Organized Librarians and Rocking the Vote

Librarians and Archivists at University Western Ontario recently voted 88% in favour of a strike. This doesn’t mean that they are going on strike immediately, but that can go on strike now. (Could somebody please correct me if I’m wrong?) Their issues are ones that librarians face on many campuses, and include: “language on Annual Report & Review, Workload, Promotion and Continuing Appointment, Reassignment, and Compensation and Benefits.” Maybe this sounds familiar because it’s largely what the UC librarians were asking for in our most recent contract negotiations which have been overshadowed by the California budget crisis affecting the UCs.

This week UC librarians are voting to ratify our tentative furlough agreement. This vote comes close on the heels of a UC-wide walk-out to protest the way the the regents are still giving executives raises, while they are also plan to raise tuition 10%, cap enrolment, and furloughs. It’s frustrating for students, faculty, and staff. We’re being told that this situation is extreme (which it is), and that we all must shoulder the burden (which we are not, unless “all” does not include the executive administration). I understand that we need to restructure campus operations and that things cannot continue as they have for years, which will mean layoffs to some extent, but it’s clear that departments are just slashing jobs, not taking a reasoned approach. The administration is panicking, which causes everybody else to panic even more.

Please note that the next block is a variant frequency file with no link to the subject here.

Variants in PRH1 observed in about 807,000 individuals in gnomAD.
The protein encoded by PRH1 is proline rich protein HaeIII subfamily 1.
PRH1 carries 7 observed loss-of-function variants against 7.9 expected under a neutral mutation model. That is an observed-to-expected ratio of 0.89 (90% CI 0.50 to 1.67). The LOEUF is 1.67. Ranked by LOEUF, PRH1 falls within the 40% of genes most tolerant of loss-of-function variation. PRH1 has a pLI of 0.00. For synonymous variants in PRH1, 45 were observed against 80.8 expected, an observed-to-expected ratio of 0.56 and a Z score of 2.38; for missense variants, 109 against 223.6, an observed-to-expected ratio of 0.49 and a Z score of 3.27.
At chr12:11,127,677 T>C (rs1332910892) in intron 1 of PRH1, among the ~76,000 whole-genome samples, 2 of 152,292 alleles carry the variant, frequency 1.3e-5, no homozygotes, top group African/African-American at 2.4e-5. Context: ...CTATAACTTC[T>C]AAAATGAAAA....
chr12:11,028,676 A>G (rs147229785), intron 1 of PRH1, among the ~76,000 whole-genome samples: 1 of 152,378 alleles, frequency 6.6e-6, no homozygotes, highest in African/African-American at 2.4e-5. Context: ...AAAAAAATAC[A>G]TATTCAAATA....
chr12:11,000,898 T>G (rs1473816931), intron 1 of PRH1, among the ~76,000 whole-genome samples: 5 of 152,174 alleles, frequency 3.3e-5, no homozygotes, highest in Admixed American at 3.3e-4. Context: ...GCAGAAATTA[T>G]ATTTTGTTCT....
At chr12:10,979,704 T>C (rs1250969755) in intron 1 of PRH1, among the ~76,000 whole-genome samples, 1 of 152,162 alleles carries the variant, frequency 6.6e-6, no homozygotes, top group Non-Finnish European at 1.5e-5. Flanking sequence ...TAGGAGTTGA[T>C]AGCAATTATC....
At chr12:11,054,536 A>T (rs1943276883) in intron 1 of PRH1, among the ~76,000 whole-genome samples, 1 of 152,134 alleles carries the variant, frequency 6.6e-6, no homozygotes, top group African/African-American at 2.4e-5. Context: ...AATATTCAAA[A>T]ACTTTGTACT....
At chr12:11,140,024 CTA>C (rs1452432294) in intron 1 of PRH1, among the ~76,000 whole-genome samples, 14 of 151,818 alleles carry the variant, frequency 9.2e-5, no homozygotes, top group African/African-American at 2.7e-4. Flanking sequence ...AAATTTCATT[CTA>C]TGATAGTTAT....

Frankly, it’s hard not to panic when you read interviews like this one from the New York Times with UC President Mark Yudof. He’s quite flippant and doesn’t really seem to understand why people are upset. I was giving him some credit until I read that.

So it is in this environment in which the organized librarians of UC are voting to ratify the furlough plan. Furloughs will hopefully prevent layoffs (as did the huge wave of retirements), but it’s not guaranteed. Surely voting to accept the plan will put us at at odds with the other campus unions, and will break the campus union coalition, but is that really such a bad thing? One one hand, I see the value of the union remaining in the coalition, but on the other hand it doesn’t seem that the other unions, such as CUE and UPTE have our (librarians) interests at heart. Is this vote about the situation at hand or meant to be a bigger statement about collectivism and worker solidarity?

I really wish I knew. I’m waiting to see the result of the vote. I’d love to see what the membership thinks.